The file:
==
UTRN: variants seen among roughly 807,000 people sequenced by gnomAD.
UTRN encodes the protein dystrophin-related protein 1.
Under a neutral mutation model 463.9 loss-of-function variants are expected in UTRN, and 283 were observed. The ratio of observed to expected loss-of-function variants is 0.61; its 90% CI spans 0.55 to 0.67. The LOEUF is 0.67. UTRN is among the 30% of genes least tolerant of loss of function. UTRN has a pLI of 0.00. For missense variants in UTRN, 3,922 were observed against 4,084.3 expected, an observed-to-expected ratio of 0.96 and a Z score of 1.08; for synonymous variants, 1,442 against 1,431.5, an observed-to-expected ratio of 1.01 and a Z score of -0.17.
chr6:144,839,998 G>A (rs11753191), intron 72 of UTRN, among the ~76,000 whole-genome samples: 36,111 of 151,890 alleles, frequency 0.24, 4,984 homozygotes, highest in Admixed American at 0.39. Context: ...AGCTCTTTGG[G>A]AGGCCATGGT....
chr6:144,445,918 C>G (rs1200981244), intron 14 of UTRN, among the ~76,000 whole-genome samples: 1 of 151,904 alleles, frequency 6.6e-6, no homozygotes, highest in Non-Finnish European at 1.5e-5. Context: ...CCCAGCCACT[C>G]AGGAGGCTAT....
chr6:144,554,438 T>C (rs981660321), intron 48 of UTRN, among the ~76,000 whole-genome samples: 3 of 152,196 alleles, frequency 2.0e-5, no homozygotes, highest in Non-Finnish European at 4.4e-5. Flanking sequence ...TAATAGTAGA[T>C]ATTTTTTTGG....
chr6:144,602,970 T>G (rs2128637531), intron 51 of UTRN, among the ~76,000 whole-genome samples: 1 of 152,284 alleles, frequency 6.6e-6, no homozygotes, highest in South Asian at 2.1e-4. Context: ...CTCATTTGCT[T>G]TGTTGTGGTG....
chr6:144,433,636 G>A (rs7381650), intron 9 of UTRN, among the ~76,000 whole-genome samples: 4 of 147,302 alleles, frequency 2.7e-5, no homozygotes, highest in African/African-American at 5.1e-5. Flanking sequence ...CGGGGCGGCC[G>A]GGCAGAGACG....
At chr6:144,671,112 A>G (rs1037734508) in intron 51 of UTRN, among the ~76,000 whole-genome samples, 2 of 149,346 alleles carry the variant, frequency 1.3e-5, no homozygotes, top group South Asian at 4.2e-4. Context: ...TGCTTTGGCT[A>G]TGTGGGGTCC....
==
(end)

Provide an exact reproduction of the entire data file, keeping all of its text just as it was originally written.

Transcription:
UTRN: variants seen among roughly 807,000 people sequenced by gnomAD.
UTRN encodes the protein dystrophin-related protein 1.
Under a neutral mutation model 463.9 loss-of-function variants are expected in UTRN, and 283 were observed. The ratio of observed to expected loss-of-function variants is 0.61; its 90% CI spans 0.55 to 0.67. The LOEUF is 0.67. UTRN is among the 30% of genes least tolerant of loss of function. UTRN has a pLI of 0.00. For missense variants in UTRN, 3,922 were observed against 4,084.3 expected, an observed-to-expected ratio of 0.96 and a Z score of 1.08; for synonymous variants, 1,442 against 1,431.5, an observed-to-expected ratio of 1.01 and a Z score of -0.17.
chr6:144,839,998 G>A (rs11753191), intron 72 of UTRN, among the ~76,000 whole-genome samples: 36,111 of 151,890 alleles, frequency 0.24, 4,984 homozygotes, highest in Admixed American at 0.39. Context: ...AGCTCTTTGG[G>A]AGGCCATGGT....
chr6:144,445,918 C>G (rs1200981244), intron 14 of UTRN, among the ~76,000 whole-genome samples: 1 of 151,904 alleles, frequency 6.6e-6, no homozygotes, highest in Non-Finnish European at 1.5e-5. Context: ...CCCAGCCACT[C>G]AGGAGGCTAT....
chr6:144,554,438 T>C (rs981660321), intron 48 of UTRN, among the ~76,000 whole-genome samples: 3 of 152,196 alleles, frequency 2.0e-5, no homozygotes, highest in Non-Finnish European at 4.4e-5. Flanking sequence ...TAATAGTAGA[T>C]ATTTTTTTGG....
chr6:144,602,970 T>G (rs2128637531), intron 51 of UTRN, among the ~76,000 whole-genome samples: 1 of 152,284 alleles, frequency 6.6e-6, no homozygotes, highest in South Asian at 2.1e-4. Context: ...CTCATTTGCT[T>G]TGTTGTGGTG....
chr6:144,433,636 G>A (rs7381650), intron 9 of UTRN, among the ~76,000 whole-genome samples: 4 of 147,302 alleles, frequency 2.7e-5, no homozygotes, highest in African/African-American at 5.1e-5. Flanking sequence ...CGGGGCGGCC[G>A]GGCAGAGACG....
At chr6:144,671,112 A>G (rs1037734508) in intron 51 of UTRN, among the ~76,000 whole-genome samples, 2 of 149,346 alleles carry the variant, frequency 1.3e-5, no homozygotes, top group South Asian at 4.2e-4. Context: ...TGCTTTGGCT[A>G]TGTGGGGTCC....